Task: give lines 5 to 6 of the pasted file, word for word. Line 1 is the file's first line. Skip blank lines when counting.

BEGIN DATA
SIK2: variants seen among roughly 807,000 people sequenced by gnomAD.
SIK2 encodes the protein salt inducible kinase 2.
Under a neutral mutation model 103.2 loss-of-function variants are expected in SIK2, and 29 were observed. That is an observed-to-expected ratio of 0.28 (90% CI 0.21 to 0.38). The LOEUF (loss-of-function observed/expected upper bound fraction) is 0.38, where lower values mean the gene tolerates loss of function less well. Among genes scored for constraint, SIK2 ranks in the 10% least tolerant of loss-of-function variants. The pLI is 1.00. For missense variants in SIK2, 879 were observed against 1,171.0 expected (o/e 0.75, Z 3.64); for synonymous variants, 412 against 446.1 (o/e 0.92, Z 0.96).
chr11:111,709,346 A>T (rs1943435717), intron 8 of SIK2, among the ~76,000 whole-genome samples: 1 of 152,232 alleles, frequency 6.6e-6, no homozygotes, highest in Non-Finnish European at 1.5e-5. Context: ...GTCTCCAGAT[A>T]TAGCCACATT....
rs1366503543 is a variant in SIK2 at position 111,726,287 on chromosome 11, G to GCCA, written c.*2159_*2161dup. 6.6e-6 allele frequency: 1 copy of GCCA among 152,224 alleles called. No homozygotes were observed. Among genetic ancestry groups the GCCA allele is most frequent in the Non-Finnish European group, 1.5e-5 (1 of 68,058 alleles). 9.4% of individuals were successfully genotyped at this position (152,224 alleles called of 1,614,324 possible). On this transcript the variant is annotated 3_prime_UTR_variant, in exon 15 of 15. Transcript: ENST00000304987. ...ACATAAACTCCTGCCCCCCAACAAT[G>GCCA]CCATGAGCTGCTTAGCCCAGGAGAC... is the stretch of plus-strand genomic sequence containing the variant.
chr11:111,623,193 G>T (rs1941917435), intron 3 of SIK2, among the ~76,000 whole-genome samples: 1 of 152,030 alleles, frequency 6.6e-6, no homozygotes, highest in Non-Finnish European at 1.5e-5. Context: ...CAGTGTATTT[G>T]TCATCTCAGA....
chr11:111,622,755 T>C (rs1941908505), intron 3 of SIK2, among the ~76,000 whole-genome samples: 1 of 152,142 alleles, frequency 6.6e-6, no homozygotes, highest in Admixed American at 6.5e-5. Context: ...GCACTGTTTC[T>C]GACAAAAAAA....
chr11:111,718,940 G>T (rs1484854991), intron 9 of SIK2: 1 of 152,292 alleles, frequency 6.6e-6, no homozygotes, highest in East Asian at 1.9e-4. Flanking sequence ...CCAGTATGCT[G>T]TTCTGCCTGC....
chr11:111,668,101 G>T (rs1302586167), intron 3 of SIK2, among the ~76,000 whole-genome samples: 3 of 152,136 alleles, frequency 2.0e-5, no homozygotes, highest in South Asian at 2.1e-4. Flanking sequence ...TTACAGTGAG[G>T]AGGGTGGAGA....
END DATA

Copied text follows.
rs1366503543 is a variant in SIK2 at position 111,726,287 on chromosome 11, G to GCCA, written c.*2159_*2161dup. 6.6e-6 allele frequency: 1 copy of GCCA among 152,224 alleles called. No homozygotes were observed. Among genetic ancestry groups the GCCA allele is most frequent in the Non-Finnish European group, 1.5e-5 (1 of 68,058 alleles). 9.4% of individuals were successfully genotyped at this position (152,224 alleles called of 1,614,324 possible). On this transcript the variant is annotated 3_prime_UTR_variant, in exon 15 of 15. Transcript: ENST00000304987. ...ACATAAACTCCTGCCCCCCAACAAT[G>GCCA]CCATGAGCTGCTTAGCCCAGGAGAC... is the stretch of plus-strand genomic sequence containing the variant.
chr11:111,623,193 G>T (rs1941917435), intron 3 of SIK2, among the ~76,000 whole-genome samples: 1 of 152,030 alleles, frequency 6.6e-6, no homozygotes, highest in Non-Finnish European at 1.5e-5. Context: ...CAGTGTATTT[G>T]TCATCTCAGA....